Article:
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Trump’s Order Bans Military From Accepting Transgender Recruits
President Donald Trump ordered the U.S. military on Friday to reject openly transgender people as new recruits but authorized Defense Secretary James Mattis to decide how to handle transgender personnel already serving in the armed forces.
Trump also ordered the military to stop paying for gender reassignment surgical procedures by March 23 except to protect the health of someone who has already begun the process of reassigning sex, according to a senior White House official who briefed reporters on condition of anonymity.
The Defense Department will have six months to consider how to handle openly transgender people currently serving in the military under a memorandum that Trump signed on Friday, the official said. The memorandum directs the department to consider unit cohesion, applicable law and resources in making the determination, the official said.
Trump announced July 26 he would ban transgender people from serving “in any capacity” in the U.S. military, reversing President Barack Obama’s policy to let them serve openly in the ranks.
The announcement, in a series of early morning tweets, caught Pentagon officials and key members of Congress off guard, and the Pentagon said it wouldn’t change its policies until it received a formal order from the president.
“There will be no modifications to the current policy until the President’s direction has been received by the Secretary of Defense and the Secretary has issued implementation guidance,” the office of Joint Chiefs Chairman Joseph Dunford said in a statement after Trump’s July tweets. “In the meantime, we will continue to treat all of our personnel with respect.”
That formal notification came in a presidential memorandum Trump signed Friday, the White House official said.
Trump said in July his concern hinged on the additional medical costs and “disruption” of such troops. White House press secretary Sarah Huckabee Sanders cited “military readiness and unit cohesion.”
Care related to gender reassignment costs the Pentagon $2.4 million to $8.4 million annually, the larger number a little more than 0.1 percent of the military’s entire health care bill, according to a 2016 RAND Corp. study. By contrast, the military spent $84 million on Viagra and other drugs for erectile dysfunction for active-duty troops, eligible family members and retirees in 2014 alone, the Military Times reported.
Treatment of transgender people has become a flashpoint in the U.S. culture wars as social conservatives lead fights in some states to require that students and sometimes adults use school and public restrooms corresponding to their gender at birth.
Trump had attempted as a candidate to thread a needle between the two sides. In his campaign, he cultivated evangelical voters while at the same time promising to “fight for” the gay and transgender community.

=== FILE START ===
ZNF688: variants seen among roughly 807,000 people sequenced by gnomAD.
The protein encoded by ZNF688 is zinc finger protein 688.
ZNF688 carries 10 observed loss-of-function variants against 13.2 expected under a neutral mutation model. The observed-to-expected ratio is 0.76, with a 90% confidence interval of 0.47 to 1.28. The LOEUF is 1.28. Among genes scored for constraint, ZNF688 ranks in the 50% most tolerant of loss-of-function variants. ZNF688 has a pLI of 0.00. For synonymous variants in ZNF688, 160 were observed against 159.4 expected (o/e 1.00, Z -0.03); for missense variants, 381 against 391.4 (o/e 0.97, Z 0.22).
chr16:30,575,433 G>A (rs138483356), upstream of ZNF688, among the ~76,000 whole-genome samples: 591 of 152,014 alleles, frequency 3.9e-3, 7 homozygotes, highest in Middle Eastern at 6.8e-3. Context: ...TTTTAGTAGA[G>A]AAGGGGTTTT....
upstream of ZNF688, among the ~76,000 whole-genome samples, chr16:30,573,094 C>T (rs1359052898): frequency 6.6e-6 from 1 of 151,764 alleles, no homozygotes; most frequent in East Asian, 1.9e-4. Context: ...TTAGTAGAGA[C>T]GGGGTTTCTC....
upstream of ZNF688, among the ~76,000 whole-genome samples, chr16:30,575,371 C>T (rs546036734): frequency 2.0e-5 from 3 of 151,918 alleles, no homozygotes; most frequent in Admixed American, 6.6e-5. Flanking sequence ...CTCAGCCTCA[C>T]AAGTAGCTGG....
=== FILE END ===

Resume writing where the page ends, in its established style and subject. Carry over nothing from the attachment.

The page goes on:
©2017 Bloomberg News. Distributed by Tribune Content Agency, LLC.
The Navy has fired five senior leaders so far in August – and the month isn't even over.
While the sea service is famous for instilling in officers that they are responsible for any wrongdoing by their sailors – whether they are aware of the infractions or not – the recent rash of firings is a lot, even for the Navy.
A Navy spokesman said there is no connection between any of the five officers relieved of command, adding that each relief is looked at separately.
'We are a people organization' — Army leaders push renewed focus on soldiers amid rise in sexual assaults and suicides
After months of focusing on modernization priorities, Army leadership plans to tackle persisting personnel issues in the coming years.
Acting Army Secretary Ryan McCarthy said Tuesday at an event with the Foundation for Defense of Democracies that what people can to hear service leadership "talk a lot about ... our people. Investing in our people, so that they can reach their potential. ... We are a people organization."
Two U.S. military service members were killed in Afghanistan on Wednesday, the Resolute Support mission announced in a press release.
Their identities are being withheld pending notification of next of kin, the command added.
A total of 16 U.S. troops have died in Afghanistan so far in 2019. Fourteen of those service members have died in combat including two service members killed in an apparent insider attack on July 29.
Two U.S. troops in Afghanistan have been killed in non-combat incidents and a sailor from the aircraft carrier USS Abraham Lincoln was declared dead after falling overboard while the ship was supporting operations in Afghanistan.
At least two defense contractors have also been killed in Afghanistan. One was a Navy veteran and the other had served in the Army.
BAGHDAD (Reuters) - Iraq's paramilitary groups on Wednesday blamed a series of recent blasts at their weapons depots and bases on the United States and Israel.
The statement from the Popular Mobilization Forces (PMF), the umbrella grouping of Iraq's mostly Shi'ite Muslim paramilitary groups, many of which are backed by Iran, said the United States had allowed four Israeli drones to enter the region accompanying U.S. forces and carry out missions on Iraqi territory.